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Emmanuel Macron calls for a “true European army” to face external threats

Tuesday, 6 November, 2018 - 15:45

French president Emmanuel Macron has compared the current political landscape in Europe to that of the 1930’s and said that the EU needs a “real…army” to protect itself from outside threats.  

Speaking to the French TV channel Europe 1, Macron said he was struck by two things that reminded him of the interwar period in Europe: “the fact that our Europe was shaken by a deep economic and financial crisis (…) and a rise of nationalisms that play on fears.”

“Europe is more and more fractured,” Macron continued. “Nationalism is on the rise again. This nationalism that demands the closing of borders, which advocates the rejection of the other. We need a stronger Europe, which protects,” said the President who denied that he was stoking fear. “It’s about being aware of what we are and what we are experiencing: the peace and prosperity in which Europe has lived for 70 years has been a golden break in our history.”

Turning to the EU’s external relations Macron called for the creation of a “true European army” to allow the EU defend itself in what he said was an increasingly dangerous world. “We will not protect Europeans if we do not decide to have a real European army. Faced with Russia, which is on our borders and has shown that it can be threatening (…) We need a Europe which defends itself better alone, without just depending on the United States, in a more sovereign manner.”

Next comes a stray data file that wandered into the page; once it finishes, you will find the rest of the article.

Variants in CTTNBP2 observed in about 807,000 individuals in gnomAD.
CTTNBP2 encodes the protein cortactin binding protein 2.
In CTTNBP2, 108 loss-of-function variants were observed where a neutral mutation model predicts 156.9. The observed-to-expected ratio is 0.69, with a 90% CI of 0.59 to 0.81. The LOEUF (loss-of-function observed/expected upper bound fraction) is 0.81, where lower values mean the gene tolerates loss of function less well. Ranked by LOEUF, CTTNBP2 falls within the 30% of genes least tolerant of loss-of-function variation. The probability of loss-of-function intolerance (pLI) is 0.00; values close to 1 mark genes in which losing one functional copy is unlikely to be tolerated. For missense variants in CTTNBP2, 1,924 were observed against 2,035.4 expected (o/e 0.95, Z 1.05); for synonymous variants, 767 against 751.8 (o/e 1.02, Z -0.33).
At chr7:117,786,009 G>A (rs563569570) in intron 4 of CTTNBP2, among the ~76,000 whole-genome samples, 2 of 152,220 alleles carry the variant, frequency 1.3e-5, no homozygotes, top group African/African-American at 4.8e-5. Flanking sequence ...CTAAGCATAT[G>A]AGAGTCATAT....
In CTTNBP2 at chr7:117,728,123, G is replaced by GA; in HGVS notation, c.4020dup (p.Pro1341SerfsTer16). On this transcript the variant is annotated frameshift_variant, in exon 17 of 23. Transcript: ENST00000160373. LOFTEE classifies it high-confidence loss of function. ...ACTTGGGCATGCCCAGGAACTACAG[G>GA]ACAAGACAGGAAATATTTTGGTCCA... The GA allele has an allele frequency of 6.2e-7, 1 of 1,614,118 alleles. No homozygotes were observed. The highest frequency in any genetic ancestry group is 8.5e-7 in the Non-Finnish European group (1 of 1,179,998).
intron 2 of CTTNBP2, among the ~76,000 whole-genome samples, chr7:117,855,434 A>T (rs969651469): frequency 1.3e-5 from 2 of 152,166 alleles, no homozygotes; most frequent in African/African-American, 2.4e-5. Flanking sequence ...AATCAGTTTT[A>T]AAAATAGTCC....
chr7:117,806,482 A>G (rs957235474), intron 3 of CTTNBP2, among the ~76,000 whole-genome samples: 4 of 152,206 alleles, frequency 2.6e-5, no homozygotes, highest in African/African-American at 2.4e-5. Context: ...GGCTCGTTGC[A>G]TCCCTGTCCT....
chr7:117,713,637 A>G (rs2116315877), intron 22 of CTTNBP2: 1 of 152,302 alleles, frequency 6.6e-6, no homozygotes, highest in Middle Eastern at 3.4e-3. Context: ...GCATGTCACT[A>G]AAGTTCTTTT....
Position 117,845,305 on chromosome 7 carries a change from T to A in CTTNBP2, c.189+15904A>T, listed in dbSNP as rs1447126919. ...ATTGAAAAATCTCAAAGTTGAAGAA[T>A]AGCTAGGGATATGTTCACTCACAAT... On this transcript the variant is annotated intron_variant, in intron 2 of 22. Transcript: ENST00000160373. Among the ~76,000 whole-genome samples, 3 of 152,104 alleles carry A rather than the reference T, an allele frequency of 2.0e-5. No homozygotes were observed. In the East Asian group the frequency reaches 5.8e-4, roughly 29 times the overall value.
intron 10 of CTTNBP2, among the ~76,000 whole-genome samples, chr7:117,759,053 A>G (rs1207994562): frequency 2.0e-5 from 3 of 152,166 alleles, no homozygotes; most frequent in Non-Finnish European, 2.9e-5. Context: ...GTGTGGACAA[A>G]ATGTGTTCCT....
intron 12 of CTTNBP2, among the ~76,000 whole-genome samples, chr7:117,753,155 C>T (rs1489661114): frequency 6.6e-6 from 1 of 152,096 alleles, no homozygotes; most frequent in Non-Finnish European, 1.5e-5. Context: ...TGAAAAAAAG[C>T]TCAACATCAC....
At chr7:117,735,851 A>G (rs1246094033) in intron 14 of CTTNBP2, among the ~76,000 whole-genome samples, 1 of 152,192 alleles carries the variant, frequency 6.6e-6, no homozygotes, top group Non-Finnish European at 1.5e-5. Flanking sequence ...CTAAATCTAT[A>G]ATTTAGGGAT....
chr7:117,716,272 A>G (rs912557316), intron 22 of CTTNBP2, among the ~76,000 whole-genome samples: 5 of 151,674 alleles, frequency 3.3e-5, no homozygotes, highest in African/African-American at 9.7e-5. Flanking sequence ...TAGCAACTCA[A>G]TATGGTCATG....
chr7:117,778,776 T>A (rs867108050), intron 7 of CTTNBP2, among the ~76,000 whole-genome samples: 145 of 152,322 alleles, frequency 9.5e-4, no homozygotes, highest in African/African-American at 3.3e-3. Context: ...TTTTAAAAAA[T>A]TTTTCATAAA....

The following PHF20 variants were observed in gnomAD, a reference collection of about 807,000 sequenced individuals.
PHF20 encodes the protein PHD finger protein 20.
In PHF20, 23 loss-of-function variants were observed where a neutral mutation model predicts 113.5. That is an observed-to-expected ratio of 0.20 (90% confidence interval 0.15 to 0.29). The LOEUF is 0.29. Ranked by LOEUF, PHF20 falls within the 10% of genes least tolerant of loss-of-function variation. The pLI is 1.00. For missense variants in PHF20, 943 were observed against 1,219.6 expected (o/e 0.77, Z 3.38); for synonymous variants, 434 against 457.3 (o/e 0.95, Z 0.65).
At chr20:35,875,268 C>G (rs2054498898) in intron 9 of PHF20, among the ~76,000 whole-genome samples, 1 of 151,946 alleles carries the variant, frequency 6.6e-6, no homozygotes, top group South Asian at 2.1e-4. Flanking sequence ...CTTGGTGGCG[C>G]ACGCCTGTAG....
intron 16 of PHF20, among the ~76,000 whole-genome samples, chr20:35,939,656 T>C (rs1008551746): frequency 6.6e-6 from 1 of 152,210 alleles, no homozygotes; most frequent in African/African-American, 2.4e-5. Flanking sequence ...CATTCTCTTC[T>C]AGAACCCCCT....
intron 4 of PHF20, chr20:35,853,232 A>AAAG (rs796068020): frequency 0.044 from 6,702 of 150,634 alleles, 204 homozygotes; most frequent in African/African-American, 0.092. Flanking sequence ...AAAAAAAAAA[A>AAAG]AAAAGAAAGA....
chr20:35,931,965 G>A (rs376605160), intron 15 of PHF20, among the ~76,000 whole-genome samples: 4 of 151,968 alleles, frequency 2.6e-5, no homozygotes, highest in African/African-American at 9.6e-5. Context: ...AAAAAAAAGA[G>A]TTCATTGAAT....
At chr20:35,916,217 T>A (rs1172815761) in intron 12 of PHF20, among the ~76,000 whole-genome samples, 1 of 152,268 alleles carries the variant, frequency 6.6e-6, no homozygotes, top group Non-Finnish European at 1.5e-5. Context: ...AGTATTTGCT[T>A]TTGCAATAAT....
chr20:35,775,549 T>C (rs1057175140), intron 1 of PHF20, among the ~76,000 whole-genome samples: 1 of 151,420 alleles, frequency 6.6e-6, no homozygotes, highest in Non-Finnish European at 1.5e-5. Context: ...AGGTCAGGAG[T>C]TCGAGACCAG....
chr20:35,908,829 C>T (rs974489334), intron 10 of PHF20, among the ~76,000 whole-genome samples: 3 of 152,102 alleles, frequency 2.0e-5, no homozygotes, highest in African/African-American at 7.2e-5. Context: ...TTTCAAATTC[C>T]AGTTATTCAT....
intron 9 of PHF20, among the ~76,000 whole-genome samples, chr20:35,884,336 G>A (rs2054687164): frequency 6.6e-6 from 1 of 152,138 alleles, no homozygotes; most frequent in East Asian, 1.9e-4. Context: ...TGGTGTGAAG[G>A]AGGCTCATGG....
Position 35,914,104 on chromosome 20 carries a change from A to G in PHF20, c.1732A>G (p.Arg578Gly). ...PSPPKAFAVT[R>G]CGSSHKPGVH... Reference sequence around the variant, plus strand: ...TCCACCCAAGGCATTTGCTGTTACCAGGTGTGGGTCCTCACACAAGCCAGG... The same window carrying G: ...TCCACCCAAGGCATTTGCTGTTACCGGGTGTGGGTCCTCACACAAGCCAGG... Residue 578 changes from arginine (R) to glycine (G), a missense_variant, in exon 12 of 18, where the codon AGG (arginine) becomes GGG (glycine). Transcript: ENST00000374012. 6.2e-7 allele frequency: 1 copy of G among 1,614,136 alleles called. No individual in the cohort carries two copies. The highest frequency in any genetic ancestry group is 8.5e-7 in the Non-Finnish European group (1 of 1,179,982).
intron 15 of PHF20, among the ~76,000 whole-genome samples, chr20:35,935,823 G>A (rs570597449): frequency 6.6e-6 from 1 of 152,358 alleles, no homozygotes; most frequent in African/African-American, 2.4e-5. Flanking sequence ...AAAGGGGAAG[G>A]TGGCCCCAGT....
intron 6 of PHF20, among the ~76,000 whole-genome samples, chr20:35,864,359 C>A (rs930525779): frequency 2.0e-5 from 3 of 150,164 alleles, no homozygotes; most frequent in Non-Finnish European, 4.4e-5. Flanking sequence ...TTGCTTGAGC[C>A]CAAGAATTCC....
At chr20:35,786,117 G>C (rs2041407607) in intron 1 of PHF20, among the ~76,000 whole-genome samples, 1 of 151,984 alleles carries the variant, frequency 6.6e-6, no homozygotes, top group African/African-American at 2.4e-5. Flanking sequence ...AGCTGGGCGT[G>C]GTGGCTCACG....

Macron said the biggest victims of the recent US decision to withdraw from a Cold War nuclear disarmament treaty will be “Europe and its security”.

US President Donald Trump has strongly criticised European countries for failing to contribute sufficiently to NATO and depending on Washington to pick up Europe’s defence bill.

Since 2017 EU countries have been able to voluntarily increase their military cooperation by contributing to multinational battle groups capable of deploying at short notice. Twenty-five of the 28 member states have signed up to the initiative, known as ‘Permanent Structured Cooperation,’ with Malta, Denmark and the United Kingdom opting out.   


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